My Greatest Teacher

Corrie Burge is a local comedian who was diagnosed with Multiple Sclerosis at the young age of 17.  As a way to deal with the issues associated with an unpredictable illness Corrie has written an ebook Cures are for Pussies available on Amazon and Smashwords.

Amazon: https://www.amazon.ca/s?k=cures+are+for+pussies&ref=nb_sb_noss

Smashwords: https://www.smashwords.com/books/view/403494

You can also follow her journey on Facebook: A Comedian’s Adventures with Multiple Sclerosis https://www.facebook.com/curesarefor/

 It is my pleasure to bring Corrie Burge’s story to you in her own words. 

I was seventeen the year I graduated from high school, moved out on my own, and found out I had Multiple Sclerosis. After years of competitive sports and weight lifting, I contemplated my own weakness for the first time. I was frightened and bemused, arriving at my destinations but seldom remembering the road. At seventeen, I wasn’t wise enough to believe that MS could become my greatest teacher.

I awoke one morning lacking vision in my left eye, and as much as I knew about MS, it might have been an eye disease. What I learned to be Optic Neuritis went away in a few weeks, but within a month I had a new, more serious symptom. My diagnosis changed from probable to definite when numbness spread from my feet to my hips.

After several months, many tears, and a round of steroids, the numbness vanished as did the fear and depression, leaving me feeling invincible again. I didn’t pause long enough to learn much about MS, quickly shifting into a prolonged state of avoidance and denial. It was almost eight years before my family was able to convince me to see another neurologist. Until then I rarely thought about MS and when I did, I reasoned that my diagnosis was a mistake. Even when a new MRI test showed lesions indicative of MS, my well-developed pattern of denunciation persisted for another two years.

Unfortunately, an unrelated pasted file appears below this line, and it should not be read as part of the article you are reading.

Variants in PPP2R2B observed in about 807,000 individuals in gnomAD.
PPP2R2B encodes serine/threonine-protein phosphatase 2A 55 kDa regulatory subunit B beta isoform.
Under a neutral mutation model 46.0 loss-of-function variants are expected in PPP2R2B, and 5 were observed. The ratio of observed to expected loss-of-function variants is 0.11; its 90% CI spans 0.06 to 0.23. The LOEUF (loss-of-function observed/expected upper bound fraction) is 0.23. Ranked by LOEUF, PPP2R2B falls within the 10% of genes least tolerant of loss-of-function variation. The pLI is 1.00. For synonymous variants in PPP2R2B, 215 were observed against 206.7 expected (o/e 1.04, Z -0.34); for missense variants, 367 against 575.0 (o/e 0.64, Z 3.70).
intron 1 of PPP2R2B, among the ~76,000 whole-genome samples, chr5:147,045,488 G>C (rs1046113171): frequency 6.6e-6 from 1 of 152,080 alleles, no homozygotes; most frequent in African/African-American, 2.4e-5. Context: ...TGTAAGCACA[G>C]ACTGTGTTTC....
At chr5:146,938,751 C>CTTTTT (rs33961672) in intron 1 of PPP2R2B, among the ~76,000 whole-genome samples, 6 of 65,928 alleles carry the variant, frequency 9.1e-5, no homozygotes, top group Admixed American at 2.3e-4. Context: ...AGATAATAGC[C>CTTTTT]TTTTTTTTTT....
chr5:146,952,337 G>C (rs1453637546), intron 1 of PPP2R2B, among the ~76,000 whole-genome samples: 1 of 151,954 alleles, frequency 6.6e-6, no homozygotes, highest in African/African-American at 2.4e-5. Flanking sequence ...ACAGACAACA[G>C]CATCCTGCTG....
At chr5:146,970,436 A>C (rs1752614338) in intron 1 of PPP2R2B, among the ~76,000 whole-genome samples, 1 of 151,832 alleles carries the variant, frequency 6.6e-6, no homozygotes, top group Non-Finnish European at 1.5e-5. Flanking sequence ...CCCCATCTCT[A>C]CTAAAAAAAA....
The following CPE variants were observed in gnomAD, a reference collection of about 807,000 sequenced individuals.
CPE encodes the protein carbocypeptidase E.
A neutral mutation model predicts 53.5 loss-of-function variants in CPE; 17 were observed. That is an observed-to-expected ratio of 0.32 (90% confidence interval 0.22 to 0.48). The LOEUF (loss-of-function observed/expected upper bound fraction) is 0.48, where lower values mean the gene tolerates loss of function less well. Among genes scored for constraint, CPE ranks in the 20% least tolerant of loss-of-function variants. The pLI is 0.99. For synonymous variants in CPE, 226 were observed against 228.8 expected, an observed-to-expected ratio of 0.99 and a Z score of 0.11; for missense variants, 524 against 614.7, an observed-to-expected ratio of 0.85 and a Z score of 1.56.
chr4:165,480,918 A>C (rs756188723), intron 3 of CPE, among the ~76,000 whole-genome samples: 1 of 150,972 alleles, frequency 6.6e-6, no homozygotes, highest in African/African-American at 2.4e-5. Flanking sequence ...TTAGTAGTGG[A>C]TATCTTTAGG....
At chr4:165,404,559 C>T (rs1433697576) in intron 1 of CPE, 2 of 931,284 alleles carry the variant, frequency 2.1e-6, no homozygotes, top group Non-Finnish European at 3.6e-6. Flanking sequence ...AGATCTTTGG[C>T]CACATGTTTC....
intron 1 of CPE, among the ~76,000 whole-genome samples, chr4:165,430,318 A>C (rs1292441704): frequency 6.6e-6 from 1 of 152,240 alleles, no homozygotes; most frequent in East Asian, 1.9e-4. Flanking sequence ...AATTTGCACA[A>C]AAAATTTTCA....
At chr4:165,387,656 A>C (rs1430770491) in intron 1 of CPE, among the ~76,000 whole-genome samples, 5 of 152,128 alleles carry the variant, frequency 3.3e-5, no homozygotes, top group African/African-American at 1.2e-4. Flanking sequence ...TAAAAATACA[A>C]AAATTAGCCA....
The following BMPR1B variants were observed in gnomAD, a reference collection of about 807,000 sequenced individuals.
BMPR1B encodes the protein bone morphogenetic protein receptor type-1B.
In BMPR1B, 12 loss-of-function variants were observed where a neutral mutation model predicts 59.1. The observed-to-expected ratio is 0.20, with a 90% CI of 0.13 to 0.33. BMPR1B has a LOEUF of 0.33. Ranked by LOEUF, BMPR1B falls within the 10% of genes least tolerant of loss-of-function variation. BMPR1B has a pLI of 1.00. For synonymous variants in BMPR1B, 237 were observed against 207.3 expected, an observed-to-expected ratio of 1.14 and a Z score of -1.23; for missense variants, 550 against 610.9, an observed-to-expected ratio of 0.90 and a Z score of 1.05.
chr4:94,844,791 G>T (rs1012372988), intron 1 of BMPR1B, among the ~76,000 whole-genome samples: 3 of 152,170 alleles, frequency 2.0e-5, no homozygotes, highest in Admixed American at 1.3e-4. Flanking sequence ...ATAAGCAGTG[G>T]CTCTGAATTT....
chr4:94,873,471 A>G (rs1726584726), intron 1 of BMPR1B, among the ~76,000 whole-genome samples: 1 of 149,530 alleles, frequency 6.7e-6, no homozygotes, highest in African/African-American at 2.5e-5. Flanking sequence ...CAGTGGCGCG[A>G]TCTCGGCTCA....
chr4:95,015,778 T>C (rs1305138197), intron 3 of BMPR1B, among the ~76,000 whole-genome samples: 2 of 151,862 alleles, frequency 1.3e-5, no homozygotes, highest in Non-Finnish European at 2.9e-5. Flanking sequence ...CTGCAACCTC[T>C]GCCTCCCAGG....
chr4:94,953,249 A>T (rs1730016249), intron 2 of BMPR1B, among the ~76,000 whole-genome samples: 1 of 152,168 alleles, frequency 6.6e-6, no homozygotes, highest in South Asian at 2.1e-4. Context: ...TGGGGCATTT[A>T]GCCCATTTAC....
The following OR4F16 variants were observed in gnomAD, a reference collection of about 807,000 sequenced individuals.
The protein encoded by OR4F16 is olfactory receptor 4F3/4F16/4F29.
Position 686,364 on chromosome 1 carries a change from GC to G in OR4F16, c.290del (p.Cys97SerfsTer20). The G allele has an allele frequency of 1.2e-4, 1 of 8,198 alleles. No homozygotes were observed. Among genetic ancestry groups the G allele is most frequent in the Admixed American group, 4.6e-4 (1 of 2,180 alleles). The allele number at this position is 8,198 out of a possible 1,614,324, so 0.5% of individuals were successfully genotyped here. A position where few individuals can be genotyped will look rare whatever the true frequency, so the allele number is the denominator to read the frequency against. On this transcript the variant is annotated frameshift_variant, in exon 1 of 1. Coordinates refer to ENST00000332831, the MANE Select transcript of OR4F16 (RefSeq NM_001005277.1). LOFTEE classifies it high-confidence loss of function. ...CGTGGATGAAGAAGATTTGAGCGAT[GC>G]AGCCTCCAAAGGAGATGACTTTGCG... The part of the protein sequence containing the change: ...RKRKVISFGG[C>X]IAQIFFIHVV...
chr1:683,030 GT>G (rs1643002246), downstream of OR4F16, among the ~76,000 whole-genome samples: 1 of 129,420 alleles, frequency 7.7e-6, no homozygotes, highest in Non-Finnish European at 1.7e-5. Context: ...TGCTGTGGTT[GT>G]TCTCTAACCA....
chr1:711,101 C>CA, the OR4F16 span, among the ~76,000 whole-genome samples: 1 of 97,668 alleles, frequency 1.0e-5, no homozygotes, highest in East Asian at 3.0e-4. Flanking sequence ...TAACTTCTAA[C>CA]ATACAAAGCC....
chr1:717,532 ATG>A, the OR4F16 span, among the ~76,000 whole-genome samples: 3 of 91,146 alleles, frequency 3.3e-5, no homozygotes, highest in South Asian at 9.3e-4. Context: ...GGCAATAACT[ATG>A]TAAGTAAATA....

A decade after my diagnosis, a relapse forced me along the path of acceptance. At the time, I was working, taking night classes and adhering to a rigorous fitness routine. I was too busy to appreciate what I had and unable to enjoy the journey, always worrying about what was done, and what was next. Despite self-made distractions, I was soon unable to deny the symptoms I began to have.

My first relapse in ten years began one night on my way home from a long day at work. I felt movement when there wasn’t any and this time it was unremitting. The next day it was confirmed as vertigo, and therefore an attack of MS. As if to validate the point, I began to have a host of other symptoms common to MS, each as unpredictable as the last.

At first, I focused on how much I’d lost and how much I might have to give up. I was devastated, feeling the full weight of the pain I had been suppressing. Searching for understanding, I began to write in a journal and it wasn’t long before a simple recount of symptoms transformed into a rich exploration of thoughts and feelings. In little time, writing became my haven, my place to be uninhibited, my place to rant and my place to recall what I could have done better. With a renewed sense of peace, I began to accept my symptoms, and my MS.

When MS was no longer an adversary, I became open to its lessons. I’ve learned the importance of living in the moment, knowing that happiness can most often be CHOSEN rather than merely found. I’ve discovered that self-esteem is not necessarily preceded by vocational, educational, or physical accomplishment. Most importantly, I’ve learned to embrace difficulty and take advantage of the tremendous opportunities afforded by simplicity and acceptance.

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